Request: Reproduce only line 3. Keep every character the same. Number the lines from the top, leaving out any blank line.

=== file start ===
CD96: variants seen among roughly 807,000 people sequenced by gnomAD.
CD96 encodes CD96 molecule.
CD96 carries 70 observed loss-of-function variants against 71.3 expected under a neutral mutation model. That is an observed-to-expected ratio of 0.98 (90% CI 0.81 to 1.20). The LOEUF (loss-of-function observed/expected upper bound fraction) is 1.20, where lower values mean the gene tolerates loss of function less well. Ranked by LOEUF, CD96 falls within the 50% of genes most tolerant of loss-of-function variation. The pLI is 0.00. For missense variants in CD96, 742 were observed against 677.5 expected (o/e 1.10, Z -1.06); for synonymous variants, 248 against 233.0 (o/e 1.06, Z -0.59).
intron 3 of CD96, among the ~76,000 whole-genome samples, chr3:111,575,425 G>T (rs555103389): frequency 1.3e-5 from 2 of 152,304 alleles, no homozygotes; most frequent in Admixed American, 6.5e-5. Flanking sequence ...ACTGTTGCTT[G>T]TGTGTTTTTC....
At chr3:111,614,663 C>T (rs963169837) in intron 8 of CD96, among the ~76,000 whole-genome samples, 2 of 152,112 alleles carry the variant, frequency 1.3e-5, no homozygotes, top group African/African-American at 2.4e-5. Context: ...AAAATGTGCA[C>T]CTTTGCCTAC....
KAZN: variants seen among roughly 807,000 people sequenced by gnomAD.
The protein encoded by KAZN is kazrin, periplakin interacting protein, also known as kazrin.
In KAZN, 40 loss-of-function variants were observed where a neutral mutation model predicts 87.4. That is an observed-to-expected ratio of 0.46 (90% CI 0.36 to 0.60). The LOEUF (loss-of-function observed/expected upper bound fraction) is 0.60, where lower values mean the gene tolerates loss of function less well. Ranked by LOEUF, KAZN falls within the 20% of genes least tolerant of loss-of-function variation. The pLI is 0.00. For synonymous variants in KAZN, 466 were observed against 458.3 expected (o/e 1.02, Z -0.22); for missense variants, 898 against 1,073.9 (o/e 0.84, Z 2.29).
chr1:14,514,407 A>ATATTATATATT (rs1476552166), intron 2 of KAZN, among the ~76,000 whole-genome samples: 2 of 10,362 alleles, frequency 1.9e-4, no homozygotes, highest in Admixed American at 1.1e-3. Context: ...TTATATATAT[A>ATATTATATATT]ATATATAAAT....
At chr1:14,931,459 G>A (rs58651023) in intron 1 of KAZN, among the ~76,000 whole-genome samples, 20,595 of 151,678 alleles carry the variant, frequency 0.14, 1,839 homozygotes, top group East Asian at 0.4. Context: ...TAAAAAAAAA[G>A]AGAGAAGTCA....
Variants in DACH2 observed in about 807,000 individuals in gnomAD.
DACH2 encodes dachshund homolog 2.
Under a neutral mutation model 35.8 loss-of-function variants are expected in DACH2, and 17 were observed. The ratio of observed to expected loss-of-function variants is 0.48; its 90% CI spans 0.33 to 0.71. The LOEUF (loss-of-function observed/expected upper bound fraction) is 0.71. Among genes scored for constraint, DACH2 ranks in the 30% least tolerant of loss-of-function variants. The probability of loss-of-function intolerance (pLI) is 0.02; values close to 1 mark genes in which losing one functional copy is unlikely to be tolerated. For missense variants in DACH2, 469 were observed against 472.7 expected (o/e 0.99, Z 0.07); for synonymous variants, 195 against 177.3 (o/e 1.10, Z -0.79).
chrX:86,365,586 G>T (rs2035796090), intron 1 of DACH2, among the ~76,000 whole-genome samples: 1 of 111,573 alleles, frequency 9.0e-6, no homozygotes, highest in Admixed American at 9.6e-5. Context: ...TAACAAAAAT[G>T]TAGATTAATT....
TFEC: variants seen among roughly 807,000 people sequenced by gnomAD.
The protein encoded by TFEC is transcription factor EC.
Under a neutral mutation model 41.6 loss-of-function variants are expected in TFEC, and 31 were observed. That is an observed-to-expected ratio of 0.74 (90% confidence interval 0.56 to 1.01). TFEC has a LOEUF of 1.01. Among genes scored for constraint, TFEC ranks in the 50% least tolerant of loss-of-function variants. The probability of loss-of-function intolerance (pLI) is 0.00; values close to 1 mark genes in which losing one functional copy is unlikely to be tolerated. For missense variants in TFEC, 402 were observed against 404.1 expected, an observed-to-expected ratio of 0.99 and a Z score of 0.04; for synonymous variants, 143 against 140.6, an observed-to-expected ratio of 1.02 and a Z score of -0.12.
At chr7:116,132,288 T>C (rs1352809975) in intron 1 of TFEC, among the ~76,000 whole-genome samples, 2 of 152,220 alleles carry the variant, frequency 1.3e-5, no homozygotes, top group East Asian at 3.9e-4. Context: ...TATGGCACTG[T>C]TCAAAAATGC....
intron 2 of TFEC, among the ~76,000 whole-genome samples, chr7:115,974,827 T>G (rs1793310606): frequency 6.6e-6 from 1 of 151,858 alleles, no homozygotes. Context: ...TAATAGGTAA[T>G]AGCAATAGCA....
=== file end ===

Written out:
CD96 carries 70 observed loss-of-function variants against 71.3 expected under a neutral mutation model. That is an observed-to-expected ratio of 0.98 (90% CI 0.81 to 1.20). The LOEUF (loss-of-function observed/expected upper bound fraction) is 1.20, where lower values mean the gene tolerates loss of function less well. Ranked by LOEUF, CD96 falls within the 50% of genes most tolerant of loss-of-function variation. The pLI is 0.00. For missense variants in CD96, 742 were observed against 677.5 expected (o/e 1.10, Z -1.06); for synonymous variants, 248 against 233.0 (o/e 1.06, Z -0.59).